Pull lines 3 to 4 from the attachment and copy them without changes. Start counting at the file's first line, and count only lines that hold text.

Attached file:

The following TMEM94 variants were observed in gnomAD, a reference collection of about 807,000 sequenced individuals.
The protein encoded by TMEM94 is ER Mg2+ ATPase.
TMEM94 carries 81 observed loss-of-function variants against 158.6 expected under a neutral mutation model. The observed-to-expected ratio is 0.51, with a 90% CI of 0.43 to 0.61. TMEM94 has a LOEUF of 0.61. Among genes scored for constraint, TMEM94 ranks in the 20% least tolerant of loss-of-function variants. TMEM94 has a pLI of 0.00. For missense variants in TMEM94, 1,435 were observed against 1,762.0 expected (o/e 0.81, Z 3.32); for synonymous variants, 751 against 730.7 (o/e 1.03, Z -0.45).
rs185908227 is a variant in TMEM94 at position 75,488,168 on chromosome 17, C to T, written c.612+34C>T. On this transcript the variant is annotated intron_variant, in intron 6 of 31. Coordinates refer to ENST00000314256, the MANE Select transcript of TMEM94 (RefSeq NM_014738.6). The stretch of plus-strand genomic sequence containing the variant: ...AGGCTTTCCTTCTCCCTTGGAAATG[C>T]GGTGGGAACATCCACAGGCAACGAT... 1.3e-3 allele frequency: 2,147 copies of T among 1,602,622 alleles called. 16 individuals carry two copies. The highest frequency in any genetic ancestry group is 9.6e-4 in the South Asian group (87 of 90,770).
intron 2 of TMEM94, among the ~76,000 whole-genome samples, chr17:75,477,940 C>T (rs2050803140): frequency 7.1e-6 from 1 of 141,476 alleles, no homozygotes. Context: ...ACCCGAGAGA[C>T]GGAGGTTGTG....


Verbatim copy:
TMEM94 carries 81 observed loss-of-function variants against 158.6 expected under a neutral mutation model. The observed-to-expected ratio is 0.51, with a 90% CI of 0.43 to 0.61. TMEM94 has a LOEUF of 0.61. Among genes scored for constraint, TMEM94 ranks in the 20% least tolerant of loss-of-function variants. TMEM94 has a pLI of 0.00. For missense variants in TMEM94, 1,435 were observed against 1,762.0 expected (o/e 0.81, Z 3.32); for synonymous variants, 751 against 730.7 (o/e 1.03, Z -0.45).
rs185908227 is a variant in TMEM94 at position 75,488,168 on chromosome 17, C to T, written c.612+34C>T. On this transcript the variant is annotated intron_variant, in intron 6 of 31. Coordinates refer to ENST00000314256, the MANE Select transcript of TMEM94 (RefSeq NM_014738.6). The stretch of plus-strand genomic sequence containing the variant: ...AGGCTTTCCTTCTCCCTTGGAAATG[C>T]GGTGGGAACATCCACAGGCAACGAT... 1.3e-3 allele frequency: 2,147 copies of T among 1,602,622 alleles called. 16 individuals carry two copies. The highest frequency in any genetic ancestry group is 9.6e-4 in the South Asian group (87 of 90,770).